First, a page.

The Bureau of Meteorology (BOM) has moved to a La Niña watch, indicating there is now a 50 per cent chance of the rain-bearing climate driver returning this spring.
While that is double the normal chance, there is no guarantee it will eventuate.
Conditions remain neutral but the eastern Pacific Ocean has been slowly cooling in the past few months.
Now, five of the seven climate models the bureau monitors are indicating La Niña thresholds will be met in November and December.
What could a La Niña bring?
La Niña is the phase of the El Niño Southern Oscillation (ENSO) over the Pacific Ocean that often leads to wetter-than-average conditions for eastern Australia.
The last big La Niña event in 2011 brought devastating floods on the east coast, notably in Brisbane, Toowoomba, and the Lockyer Valley.
But not all La Niña events are as extreme. Last summer was also a La Niña season and, while it brought a welcome return to wetter-than-average conditions for many, it was well below infamous La Niña years like 2011 or 1974, when Brisbane was inundated.
Andrew Watkins, head of BOM'S operational climate services, said 2010–2012 was the wettest two-year period on record, thanks to "one of the stronger La Niña events that we've seen".
By comparison, he said, the 2020–2021 La Niña was "moderate at most" and if it returned this year it was not expected to be strong.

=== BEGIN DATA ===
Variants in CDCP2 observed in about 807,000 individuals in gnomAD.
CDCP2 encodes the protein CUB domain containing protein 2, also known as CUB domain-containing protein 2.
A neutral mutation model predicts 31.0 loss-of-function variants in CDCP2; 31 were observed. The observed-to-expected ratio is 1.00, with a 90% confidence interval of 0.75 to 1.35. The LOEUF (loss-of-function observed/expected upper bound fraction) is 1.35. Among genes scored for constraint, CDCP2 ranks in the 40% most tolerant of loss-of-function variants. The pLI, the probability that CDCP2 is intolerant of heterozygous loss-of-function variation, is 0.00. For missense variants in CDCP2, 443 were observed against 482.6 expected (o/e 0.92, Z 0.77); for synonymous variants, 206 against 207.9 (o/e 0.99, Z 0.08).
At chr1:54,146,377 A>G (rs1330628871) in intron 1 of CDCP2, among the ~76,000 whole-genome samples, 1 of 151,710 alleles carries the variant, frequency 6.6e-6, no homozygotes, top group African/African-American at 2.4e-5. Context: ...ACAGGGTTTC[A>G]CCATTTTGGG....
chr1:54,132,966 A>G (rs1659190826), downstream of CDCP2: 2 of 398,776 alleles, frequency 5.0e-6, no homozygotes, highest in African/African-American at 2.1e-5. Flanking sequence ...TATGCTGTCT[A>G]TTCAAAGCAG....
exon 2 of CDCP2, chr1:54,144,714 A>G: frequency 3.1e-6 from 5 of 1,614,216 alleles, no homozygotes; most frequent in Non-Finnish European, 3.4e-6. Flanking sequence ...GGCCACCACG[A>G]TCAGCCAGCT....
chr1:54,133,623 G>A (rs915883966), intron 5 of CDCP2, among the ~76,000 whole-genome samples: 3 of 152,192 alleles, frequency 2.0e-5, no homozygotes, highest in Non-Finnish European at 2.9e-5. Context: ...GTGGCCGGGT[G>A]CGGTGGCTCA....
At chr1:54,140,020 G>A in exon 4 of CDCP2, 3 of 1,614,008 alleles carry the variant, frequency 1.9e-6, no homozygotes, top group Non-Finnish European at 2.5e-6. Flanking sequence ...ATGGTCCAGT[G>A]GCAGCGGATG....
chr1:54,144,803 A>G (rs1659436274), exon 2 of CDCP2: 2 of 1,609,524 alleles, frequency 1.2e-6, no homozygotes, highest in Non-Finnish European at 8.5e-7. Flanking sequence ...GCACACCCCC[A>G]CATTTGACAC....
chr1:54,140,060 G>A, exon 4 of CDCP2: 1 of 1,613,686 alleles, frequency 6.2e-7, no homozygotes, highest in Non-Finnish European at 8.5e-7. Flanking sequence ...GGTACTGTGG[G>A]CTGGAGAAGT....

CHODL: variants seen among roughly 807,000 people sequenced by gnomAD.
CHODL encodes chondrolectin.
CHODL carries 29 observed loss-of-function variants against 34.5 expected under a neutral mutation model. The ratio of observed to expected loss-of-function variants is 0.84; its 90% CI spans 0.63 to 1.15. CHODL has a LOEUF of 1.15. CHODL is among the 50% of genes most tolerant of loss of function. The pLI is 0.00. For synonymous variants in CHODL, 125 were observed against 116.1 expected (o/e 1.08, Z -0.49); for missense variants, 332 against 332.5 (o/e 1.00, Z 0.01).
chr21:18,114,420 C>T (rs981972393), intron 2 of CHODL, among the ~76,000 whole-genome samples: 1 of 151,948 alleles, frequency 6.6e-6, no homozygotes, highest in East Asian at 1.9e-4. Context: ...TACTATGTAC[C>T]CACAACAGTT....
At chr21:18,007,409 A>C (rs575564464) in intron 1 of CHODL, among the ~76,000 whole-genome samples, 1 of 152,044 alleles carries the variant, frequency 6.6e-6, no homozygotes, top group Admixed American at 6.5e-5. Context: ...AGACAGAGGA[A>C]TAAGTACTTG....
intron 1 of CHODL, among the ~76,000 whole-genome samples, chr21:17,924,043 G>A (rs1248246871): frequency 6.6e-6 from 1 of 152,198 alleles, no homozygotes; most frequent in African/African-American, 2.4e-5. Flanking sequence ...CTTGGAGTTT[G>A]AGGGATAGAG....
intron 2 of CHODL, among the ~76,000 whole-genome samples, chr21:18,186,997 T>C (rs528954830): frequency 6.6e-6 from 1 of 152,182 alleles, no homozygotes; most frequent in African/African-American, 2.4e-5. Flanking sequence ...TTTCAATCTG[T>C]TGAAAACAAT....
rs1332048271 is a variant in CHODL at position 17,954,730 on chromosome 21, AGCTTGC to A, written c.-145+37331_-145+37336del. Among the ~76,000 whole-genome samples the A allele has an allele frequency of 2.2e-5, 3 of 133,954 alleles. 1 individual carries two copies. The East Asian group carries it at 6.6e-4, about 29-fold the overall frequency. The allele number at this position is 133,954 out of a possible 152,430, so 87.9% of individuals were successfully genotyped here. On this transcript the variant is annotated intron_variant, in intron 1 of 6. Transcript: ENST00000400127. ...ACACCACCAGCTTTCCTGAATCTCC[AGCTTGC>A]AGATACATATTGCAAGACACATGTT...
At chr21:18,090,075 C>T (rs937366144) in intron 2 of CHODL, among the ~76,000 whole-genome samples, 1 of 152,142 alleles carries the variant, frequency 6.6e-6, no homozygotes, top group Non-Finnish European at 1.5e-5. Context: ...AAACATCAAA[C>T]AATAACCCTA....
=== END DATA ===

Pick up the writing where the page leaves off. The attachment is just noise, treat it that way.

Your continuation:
But he warned already wet catchments could still pose a flood risk this summer.
"Unfortunately, if we get rain in the coming months on top of that already sodden landscape then it increases the risk of flood because the soils and the rivers and the dams can't absorb as much water," Dr Watkins said.
Is it going to rain?
What's also interesting about our climatic indicators now is that four drivers are pushing towards wetter conditions, according to Dr Watkins:
"All four of those things tend to bring above-average rainfall and hence why our outlook is looking fairly wet at the moment," Dr Watkins said.
But in Australia's south west, it was a different story.
Recently, warm waters in the Indian Ocean had been feeding moisture into cloud bands reaching the south west and beyond, Dr Watkins said.
But the south west's rainfall is largely dependent upon rain-bearing fronts in the westerly wind band that circle the Southern Ocean.
The positive SAM will draw those winds south, meaning many will likely fail to reach the continent.ABC